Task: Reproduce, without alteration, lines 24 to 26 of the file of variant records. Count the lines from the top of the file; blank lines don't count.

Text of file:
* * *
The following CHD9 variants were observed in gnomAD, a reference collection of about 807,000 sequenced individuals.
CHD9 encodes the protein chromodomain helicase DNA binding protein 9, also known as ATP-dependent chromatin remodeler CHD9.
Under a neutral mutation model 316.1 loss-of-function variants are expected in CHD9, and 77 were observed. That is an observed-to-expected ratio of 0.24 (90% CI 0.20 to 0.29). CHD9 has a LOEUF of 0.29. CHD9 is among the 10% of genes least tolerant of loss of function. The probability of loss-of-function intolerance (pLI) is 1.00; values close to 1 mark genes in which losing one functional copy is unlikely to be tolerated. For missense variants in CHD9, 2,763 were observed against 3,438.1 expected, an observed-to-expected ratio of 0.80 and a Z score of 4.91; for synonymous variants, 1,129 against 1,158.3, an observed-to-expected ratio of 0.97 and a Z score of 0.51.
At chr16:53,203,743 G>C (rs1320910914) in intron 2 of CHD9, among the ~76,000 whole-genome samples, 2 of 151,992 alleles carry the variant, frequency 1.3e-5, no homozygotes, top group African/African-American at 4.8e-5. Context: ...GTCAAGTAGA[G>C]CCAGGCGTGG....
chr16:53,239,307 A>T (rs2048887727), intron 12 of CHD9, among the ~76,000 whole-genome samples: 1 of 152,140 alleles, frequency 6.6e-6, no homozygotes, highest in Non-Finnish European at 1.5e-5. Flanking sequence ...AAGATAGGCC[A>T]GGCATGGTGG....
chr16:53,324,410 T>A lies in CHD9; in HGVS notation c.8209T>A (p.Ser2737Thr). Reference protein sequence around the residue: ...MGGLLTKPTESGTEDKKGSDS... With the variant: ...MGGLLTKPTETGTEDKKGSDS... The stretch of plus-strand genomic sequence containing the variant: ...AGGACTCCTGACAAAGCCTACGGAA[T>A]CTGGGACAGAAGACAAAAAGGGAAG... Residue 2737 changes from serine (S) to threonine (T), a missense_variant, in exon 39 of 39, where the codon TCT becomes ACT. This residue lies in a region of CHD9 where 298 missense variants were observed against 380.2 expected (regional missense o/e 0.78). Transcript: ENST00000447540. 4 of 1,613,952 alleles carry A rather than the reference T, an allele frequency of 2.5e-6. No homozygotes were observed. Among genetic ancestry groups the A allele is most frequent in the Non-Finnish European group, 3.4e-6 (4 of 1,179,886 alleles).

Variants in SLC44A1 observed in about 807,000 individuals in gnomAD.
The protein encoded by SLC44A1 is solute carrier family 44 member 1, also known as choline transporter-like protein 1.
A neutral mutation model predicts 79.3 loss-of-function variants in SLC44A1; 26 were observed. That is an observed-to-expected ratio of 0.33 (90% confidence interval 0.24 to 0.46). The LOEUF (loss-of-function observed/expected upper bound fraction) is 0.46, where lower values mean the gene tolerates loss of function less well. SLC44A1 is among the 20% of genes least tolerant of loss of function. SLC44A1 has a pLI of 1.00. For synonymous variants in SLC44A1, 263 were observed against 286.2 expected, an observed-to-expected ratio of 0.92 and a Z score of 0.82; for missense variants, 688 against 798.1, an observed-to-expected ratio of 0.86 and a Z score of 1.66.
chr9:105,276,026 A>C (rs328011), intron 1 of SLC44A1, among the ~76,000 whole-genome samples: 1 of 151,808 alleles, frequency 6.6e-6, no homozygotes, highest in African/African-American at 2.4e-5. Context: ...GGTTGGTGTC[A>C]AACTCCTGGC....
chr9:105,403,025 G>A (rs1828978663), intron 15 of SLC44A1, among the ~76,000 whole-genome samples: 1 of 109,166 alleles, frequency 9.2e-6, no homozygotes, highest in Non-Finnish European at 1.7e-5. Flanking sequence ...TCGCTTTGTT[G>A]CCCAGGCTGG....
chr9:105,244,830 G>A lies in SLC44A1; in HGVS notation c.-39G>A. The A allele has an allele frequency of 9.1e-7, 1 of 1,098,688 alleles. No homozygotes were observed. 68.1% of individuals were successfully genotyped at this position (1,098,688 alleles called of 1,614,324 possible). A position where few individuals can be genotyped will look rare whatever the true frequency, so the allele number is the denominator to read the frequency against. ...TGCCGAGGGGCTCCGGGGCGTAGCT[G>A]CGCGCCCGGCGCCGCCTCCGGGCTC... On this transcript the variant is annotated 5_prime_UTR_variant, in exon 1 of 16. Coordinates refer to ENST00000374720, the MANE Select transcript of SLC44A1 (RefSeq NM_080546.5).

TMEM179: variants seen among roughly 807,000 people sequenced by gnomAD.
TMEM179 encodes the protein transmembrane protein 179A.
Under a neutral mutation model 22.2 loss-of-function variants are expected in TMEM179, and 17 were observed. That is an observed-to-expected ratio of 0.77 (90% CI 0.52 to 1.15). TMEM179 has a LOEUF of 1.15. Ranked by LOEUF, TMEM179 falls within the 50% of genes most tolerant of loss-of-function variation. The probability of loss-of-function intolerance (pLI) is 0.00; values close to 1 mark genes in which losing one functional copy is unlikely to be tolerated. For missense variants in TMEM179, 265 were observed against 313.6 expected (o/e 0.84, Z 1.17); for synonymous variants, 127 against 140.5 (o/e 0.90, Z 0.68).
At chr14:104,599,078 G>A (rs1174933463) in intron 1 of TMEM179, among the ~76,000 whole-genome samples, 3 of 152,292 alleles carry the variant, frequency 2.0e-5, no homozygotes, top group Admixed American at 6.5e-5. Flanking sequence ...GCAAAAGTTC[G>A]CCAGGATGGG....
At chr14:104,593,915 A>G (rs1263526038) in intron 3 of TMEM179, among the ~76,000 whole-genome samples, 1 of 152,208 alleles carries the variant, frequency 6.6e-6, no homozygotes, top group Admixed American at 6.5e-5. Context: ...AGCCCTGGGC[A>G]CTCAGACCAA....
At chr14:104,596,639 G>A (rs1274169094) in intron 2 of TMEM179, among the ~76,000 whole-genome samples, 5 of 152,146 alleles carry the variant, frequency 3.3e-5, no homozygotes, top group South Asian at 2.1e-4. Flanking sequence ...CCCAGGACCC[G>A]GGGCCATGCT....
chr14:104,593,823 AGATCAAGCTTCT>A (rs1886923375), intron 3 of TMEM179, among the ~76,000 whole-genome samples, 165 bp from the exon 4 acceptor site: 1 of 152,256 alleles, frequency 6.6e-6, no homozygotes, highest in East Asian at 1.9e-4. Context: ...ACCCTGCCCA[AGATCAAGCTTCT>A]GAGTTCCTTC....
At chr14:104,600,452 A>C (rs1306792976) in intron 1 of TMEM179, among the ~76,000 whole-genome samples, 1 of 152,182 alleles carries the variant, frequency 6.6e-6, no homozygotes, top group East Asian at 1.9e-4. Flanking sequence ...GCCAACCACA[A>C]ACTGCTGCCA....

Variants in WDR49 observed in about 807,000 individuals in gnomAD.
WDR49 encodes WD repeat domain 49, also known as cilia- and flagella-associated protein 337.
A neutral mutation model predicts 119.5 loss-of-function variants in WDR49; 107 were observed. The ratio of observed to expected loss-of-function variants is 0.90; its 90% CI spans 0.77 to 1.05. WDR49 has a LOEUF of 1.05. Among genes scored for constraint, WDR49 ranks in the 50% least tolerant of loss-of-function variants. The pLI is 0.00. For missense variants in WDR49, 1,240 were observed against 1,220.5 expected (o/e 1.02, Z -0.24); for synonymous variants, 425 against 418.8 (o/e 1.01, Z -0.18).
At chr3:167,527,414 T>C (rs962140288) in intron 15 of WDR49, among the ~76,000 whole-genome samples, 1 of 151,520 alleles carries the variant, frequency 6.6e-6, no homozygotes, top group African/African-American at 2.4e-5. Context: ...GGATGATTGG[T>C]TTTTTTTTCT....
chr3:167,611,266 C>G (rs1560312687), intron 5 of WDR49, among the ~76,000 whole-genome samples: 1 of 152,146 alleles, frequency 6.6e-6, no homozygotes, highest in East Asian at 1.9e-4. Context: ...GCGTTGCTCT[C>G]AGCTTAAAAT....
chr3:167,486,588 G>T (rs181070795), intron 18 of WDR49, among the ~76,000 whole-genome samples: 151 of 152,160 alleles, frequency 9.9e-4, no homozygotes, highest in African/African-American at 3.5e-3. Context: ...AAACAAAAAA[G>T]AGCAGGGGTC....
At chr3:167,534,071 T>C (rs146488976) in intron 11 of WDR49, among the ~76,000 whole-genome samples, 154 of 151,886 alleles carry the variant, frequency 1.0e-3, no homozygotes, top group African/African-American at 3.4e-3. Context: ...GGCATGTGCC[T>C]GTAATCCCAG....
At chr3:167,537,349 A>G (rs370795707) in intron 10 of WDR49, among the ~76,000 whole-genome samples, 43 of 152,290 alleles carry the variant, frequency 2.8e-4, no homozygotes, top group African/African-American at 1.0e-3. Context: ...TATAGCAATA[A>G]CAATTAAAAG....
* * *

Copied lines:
At chr3:167,527,414 T>C (rs962140288) in intron 15 of WDR49, among the ~76,000 whole-genome samples, 1 of 151,520 alleles carries the variant, frequency 6.6e-6, no homozygotes, top group African/African-American at 2.4e-5. Context: ...GGATGATTGG[T>C]TTTTTTTTCT....
chr3:167,611,266 C>G (rs1560312687), intron 5 of WDR49, among the ~76,000 whole-genome samples: 1 of 152,146 alleles, frequency 6.6e-6, no homozygotes, highest in East Asian at 1.9e-4. Context: ...GCGTTGCTCT[C>G]AGCTTAAAAT....
chr3:167,486,588 G>T (rs181070795), intron 18 of WDR49, among the ~76,000 whole-genome samples: 151 of 152,160 alleles, frequency 9.9e-4, no homozygotes, highest in African/African-American at 3.5e-3. Context: ...AAACAAAAAA[G>T]AGCAGGGGTC....